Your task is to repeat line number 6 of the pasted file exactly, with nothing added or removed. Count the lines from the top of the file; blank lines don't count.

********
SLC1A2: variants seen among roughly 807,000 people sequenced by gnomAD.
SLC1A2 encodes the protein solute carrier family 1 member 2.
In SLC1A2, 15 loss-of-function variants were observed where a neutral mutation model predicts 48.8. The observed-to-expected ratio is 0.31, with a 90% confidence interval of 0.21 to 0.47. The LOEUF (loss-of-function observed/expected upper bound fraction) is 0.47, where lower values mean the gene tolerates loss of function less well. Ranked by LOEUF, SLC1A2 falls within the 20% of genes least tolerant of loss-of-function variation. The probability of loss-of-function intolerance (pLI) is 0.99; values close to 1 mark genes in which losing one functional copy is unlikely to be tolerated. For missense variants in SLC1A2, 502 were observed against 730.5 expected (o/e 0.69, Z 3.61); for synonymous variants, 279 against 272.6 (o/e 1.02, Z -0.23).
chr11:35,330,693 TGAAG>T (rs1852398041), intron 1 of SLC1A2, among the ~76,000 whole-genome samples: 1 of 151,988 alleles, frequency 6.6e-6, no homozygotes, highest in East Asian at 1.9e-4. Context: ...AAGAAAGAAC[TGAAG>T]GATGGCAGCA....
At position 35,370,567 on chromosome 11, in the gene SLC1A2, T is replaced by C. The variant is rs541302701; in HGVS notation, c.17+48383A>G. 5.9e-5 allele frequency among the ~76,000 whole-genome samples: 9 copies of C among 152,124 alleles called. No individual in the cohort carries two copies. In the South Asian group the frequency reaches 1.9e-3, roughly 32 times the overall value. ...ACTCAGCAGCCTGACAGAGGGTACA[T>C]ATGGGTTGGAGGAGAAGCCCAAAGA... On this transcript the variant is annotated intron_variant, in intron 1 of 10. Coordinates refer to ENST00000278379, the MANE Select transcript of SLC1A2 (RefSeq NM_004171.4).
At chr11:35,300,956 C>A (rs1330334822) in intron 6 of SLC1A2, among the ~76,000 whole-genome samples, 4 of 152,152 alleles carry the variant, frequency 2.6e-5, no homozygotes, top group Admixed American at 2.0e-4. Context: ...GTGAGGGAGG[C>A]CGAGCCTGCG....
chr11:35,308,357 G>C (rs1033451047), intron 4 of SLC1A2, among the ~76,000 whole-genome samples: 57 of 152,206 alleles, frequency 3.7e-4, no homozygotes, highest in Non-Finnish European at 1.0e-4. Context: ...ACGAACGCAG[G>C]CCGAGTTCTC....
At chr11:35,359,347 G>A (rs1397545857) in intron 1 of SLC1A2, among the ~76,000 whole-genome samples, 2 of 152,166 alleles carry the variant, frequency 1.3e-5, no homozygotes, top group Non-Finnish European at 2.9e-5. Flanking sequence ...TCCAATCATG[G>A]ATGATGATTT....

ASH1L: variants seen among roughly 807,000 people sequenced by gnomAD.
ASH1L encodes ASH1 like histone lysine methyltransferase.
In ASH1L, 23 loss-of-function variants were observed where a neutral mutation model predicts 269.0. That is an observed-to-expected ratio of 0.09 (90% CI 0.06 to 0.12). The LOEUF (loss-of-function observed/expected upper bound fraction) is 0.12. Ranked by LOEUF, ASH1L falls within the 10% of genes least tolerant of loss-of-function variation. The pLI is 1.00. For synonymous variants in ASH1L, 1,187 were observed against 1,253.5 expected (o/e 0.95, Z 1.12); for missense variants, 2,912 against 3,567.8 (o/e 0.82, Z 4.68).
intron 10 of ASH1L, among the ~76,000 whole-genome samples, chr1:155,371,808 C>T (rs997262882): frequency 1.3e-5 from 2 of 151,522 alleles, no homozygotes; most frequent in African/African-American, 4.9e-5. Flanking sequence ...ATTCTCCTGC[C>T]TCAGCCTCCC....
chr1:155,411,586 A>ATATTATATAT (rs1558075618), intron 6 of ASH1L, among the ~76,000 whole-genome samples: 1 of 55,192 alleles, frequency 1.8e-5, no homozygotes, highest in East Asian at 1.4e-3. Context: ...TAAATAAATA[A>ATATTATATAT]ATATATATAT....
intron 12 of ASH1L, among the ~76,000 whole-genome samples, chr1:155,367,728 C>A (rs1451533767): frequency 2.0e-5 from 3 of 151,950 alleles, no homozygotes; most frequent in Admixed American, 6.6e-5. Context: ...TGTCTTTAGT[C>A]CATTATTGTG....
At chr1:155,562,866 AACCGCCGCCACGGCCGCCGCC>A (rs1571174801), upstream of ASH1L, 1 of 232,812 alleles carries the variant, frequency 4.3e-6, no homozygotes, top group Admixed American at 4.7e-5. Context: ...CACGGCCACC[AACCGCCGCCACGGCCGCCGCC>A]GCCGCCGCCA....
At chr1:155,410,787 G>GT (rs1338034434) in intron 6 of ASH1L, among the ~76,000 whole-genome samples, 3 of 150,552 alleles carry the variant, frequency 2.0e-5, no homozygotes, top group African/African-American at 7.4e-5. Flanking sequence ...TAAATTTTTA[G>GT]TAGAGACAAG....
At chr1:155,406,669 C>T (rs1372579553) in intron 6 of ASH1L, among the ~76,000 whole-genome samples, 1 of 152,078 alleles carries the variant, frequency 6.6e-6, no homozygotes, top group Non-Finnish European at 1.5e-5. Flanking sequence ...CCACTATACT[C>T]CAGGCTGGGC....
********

At chr11:35,300,956 C>A (rs1330334822) in intron 6 of SLC1A2, among the ~76,000 whole-genome samples, 4 of 152,152 alleles carry the variant, frequency 2.6e-5, no homozygotes, top group Admixed American at 2.0e-4. Context: ...GTGAGGGAGG[C>A]CGAGCCTGCG....